Baby Bunny Gets Nailed

Yesterday evening, I heard a hawk screaming in our front yard. When I went out to see what was going on, I saw it “mantling” over something it had caught.

You can see the fur of the bunny beneath the hawk’s sharp shins.

When I looked closer, I realized it was a baby cottontail rabbit. We have been overrun by cottontails this year. I’ve heard that it is because the most common predator to keep them in check, coyotes, have been hit hard with canine mange.

On the other hand, an early fall cold snap in New Mexico last year decimated the migrating songbird population there and in surrounding states.(https://www.smithsonianmag.com/smart-news/southwest-bird-die-caused-long-term-starvation-180976643/) We’ve had far fewer songbirds around this summer as a result.

The combination of fewer songbirds and more cottontails probably prompted this sharpie to try its hand — er — talon — at a baby bunny.

Notice that the bunny fur is almost the same size as the hawk. Remember that birds are very light for their size.

But this baby cottontail rabbit was only a little smaller than the hawk. When a family came walking down the sidewalk, they startled the hawk off its “kill”. To everyone’s astonishment, the baby bunny bounced up and scampered back under our blue spruce tree, although it did have a nasty gash on the side of its head.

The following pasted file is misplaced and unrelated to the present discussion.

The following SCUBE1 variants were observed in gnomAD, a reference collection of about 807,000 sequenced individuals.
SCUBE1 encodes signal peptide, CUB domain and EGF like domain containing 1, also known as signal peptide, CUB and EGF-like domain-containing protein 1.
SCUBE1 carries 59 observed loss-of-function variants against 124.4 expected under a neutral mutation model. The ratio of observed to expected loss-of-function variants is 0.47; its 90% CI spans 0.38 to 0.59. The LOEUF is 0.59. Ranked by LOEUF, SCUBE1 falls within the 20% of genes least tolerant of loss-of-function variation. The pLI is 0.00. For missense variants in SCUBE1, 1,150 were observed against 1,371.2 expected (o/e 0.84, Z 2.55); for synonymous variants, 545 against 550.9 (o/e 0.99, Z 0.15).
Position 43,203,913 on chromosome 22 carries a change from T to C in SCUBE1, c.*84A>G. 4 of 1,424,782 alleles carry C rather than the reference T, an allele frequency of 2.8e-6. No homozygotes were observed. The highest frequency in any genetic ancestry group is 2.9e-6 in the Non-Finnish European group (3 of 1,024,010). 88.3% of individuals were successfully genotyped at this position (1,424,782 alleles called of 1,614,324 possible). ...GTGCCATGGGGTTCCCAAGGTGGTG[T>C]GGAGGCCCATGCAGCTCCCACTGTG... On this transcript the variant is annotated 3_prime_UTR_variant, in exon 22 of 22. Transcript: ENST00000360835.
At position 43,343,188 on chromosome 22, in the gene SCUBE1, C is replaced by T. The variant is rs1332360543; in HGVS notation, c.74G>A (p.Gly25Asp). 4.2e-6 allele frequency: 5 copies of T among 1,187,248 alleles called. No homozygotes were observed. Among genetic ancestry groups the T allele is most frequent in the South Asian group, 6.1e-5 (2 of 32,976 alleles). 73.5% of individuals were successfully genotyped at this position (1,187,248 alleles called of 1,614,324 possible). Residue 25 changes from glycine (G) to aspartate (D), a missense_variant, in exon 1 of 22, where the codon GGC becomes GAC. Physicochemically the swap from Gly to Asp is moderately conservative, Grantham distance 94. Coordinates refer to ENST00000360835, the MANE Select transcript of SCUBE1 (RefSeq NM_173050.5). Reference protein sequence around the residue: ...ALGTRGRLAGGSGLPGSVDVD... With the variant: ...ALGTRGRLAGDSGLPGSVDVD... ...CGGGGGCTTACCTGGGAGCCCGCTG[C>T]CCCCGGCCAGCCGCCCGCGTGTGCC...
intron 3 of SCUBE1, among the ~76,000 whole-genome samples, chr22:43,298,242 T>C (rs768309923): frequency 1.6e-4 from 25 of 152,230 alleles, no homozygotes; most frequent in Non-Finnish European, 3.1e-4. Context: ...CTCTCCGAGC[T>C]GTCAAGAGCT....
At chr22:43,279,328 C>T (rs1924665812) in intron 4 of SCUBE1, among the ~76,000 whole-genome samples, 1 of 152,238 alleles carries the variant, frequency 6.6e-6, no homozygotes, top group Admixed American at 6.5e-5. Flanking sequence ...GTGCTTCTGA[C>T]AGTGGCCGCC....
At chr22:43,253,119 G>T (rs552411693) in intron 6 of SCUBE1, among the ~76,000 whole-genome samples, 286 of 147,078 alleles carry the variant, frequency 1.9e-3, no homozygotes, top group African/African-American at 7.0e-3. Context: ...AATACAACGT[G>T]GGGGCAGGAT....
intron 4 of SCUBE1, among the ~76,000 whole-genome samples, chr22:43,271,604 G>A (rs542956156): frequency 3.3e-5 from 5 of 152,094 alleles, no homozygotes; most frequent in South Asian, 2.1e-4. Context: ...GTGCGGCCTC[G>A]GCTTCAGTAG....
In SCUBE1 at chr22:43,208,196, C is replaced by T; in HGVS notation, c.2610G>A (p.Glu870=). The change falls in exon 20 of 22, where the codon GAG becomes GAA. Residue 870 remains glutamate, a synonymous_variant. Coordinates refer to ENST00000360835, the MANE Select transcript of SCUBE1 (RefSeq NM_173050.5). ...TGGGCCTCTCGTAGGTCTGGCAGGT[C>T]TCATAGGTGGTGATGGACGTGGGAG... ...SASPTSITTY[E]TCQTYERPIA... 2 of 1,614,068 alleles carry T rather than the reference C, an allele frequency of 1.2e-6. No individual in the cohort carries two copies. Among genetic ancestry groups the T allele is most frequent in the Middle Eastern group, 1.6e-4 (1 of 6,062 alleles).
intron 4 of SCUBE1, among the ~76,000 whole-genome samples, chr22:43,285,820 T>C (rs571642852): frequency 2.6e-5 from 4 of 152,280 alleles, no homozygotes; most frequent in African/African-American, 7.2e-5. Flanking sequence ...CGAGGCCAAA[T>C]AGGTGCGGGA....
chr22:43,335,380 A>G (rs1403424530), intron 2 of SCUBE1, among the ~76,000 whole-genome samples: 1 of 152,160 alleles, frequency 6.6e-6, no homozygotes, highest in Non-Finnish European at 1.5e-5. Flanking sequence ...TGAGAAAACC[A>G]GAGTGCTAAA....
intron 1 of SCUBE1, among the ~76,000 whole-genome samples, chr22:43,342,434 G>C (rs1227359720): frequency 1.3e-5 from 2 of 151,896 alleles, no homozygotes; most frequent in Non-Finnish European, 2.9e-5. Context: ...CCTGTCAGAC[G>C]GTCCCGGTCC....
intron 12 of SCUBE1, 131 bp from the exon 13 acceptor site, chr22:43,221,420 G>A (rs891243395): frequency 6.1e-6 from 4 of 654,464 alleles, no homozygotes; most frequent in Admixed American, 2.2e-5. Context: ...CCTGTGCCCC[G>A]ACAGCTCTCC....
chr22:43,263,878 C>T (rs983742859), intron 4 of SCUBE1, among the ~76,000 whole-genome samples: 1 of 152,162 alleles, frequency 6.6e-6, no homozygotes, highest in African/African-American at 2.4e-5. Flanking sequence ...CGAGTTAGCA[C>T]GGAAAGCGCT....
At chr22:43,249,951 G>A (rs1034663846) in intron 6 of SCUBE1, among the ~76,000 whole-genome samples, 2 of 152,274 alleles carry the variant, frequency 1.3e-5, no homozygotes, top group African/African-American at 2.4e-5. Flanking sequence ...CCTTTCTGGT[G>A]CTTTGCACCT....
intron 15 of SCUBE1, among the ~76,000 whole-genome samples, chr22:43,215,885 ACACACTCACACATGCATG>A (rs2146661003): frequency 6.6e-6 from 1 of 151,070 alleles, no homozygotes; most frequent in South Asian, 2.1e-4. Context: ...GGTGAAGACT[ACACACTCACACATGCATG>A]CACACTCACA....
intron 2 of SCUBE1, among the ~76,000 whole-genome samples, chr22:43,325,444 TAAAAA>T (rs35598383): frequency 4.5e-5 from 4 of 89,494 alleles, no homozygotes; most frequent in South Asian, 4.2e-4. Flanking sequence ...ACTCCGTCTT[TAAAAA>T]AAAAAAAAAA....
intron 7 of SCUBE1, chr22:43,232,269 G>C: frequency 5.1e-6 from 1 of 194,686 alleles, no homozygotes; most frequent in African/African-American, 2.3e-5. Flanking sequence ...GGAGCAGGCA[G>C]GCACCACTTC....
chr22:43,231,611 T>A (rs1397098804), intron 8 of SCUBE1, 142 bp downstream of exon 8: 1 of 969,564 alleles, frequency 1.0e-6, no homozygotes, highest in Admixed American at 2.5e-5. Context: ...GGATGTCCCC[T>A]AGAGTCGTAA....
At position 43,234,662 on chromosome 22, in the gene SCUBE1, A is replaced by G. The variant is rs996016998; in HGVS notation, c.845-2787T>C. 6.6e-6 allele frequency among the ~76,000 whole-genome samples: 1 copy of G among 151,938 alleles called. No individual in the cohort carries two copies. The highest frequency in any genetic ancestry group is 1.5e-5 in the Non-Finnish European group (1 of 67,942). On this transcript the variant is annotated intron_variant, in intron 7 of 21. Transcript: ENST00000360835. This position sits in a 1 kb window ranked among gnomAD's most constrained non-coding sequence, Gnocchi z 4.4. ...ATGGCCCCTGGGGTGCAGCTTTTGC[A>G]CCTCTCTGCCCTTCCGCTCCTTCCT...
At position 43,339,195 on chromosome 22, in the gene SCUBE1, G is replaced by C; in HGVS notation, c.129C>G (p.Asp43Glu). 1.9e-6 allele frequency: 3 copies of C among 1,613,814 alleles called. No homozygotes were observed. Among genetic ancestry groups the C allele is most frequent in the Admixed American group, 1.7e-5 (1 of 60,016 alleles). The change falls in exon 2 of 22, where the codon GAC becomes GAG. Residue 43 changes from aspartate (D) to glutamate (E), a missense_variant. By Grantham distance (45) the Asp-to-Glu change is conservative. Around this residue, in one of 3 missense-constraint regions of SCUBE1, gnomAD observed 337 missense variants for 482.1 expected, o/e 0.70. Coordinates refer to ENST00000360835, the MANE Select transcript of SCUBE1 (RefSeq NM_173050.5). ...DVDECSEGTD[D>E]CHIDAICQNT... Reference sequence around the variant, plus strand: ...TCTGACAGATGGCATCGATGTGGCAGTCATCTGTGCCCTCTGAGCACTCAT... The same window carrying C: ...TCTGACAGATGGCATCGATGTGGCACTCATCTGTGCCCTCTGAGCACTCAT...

The only one disappointed was the hawk.

Sharp-shinned hawk misses flicker for lunch

The gregarious band of little bushtits took off in a burst of feathers and cheeping alarm calls.

OLYMPUS DIGITAL CAMERA

I looked up just in time to see a Northern flicker shoot out of the top of a tree, with a sharp-shinned hawk in hot pursuit. Luckily for the flicker, the hawk had made its move too soon, and given the flicker a head start the predator couldn’t overcome.

Northern flickers spend all year in the wooded areas of the Front Range of Colorado. They are in the woodpecker family, but they spend as much time on the ground as they do in trees, stabbing their big sharp beaks into the soil in search of insects.OLYMPUS DIGITAL CAMERA

Sharp-shinned hawks are woodland predators. They, too, live year-round in Colorado woodlands, and in fact they cover most of North America.  Most of their diet comes from birds that they surprise and chase through the trees — exactly what I saw today, except that the flicker got away.notice the long notched tail and dark cap on head